Tonight’s vote is not about whether Chapel Hill is a town or a city or whether we need to vitalize Downtown or not. We know that Downtown needs help.

Tonight’s vote is simply about whether the RAM proposal is a good deal for the town’s citizens – both now and in the future….

After reviewing January’s proposal, reading 100’s of pages of confidential minutes, listening to hours of confidential negotiations, rereading all the published material on this project, it is quite clear that this is a
broken deal.

There are so many reasons to turn this deal down, so many, I’ll mention just a few:

Affordable housing is important in our community but affordable housing at any cost is not a good deal.

What kind of precedent does this community set when we spend $7.5 million housing cars at this facility and give property worth millions dollars to a developer so he can build million dollar condos – all so we can get 21 small units?

Council says that these units are sufficient for families but that assessment has not really been made. We don’t know the economic viability of units where folks have to park off-site when their neighbors don’t…. Or can only park between 6pm and 6am. How family friendly is that?

And the %1.5 condo fee cap sounds so alluring but it makes up a significant chunk of qualifying tenants monthly income.

The $7.5 million would be better invested in strengthening existing neighborhoods and building affordable housing units more akin to what we KNOW our citizens desire.

Council continues to celebrate the %1 Art funding going to an out-of-state artist for a centerpiece who’s public usage has not been clearly defined. Nearly a year after I first asked, I still don’t know if my 10 year-old son or his friends will be trespassed off the property for dangling their feet in the fountain.

And why is it that the lions share of this public investment isn’t going to structural improvements in our local art’s scene? Why not provide an on-site arts space? For that matter, why aren’t the taxpayers getting on-site play structures, public bathrooms, drinking fountains.

The pretense that this development improves our transit picture is disturbing.

Without sufficient walkable living infrastructure – grocery stores, parks, schools, jobs – the tenants of this building will inevitably make car trips – maybe as many as a typical resident.

Why no anchoring grocery store? Why no commercial office space for jobs? And why no discussion of incorporating the planned Downtown transit transfer station?

LEED certification is a minimal requirement for today’s sustainable buildings. The lack of a firm commitment for energy reductions in the design and operation of this building is just not acceptable. We know, with better accuracy than RAM showed in forecasting construction cost increases, the trend line for energy costs is only up. Energy efficiency is more than saving money – it is about doing the right thing.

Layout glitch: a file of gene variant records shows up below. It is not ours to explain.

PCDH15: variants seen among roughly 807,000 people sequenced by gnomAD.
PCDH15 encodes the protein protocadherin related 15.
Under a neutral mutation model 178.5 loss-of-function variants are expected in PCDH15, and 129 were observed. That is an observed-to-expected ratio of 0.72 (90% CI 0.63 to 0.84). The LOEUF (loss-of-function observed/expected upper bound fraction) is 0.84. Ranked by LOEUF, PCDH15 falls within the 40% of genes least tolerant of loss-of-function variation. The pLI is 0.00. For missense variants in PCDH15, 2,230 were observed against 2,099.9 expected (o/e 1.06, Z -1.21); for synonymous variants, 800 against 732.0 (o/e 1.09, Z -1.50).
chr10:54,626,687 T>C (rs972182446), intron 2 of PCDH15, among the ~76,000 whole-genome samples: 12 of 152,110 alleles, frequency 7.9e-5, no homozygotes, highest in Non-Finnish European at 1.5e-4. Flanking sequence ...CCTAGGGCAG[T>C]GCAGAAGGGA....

How will Chapel Hill claim moral leadership on environmental issues when our Council approved, financed, built an environmentally sub-par project?

Approval of the initial stages of Carolina North is coming soon. How can our Council demand the highest caliber of environmentally sound development from UNC when they won’t practice what they preach?

You need to walk the talk…

As Council member Kleinschmidt asked, without the carrot of Lot #5, can we ever get a good deal on re-development of Wallace Deck? You know the answer – it will be from difficult to nearly impossible. Will we have to sell the Wallace Deck to get redevelopment? My guess is yes.

Finally, what about the pure bread-n-butter of paying for this project?

Tonight’s coversheet claims we will see significant property and other tax revenues. It also claims a %43 increase in parking revenue. Yet, as we’ve seen, just over the last 9 months, this projects economic projections have been seriously flawed – flawed to the point of losing half the original projects scope. Add to that the public investment increasing 15-fold. Where is the business-like certainty? What proof the return on public investment exceeds the cost of services?

This is a broken project. If Council approves it, please, please, don’t expedite the special use permit.

The public is still coming to terms with the wild shifts in this projects scope and cost – please give them the courtesy of a reasonable time to review what will be the most significant public investment of the next decade.

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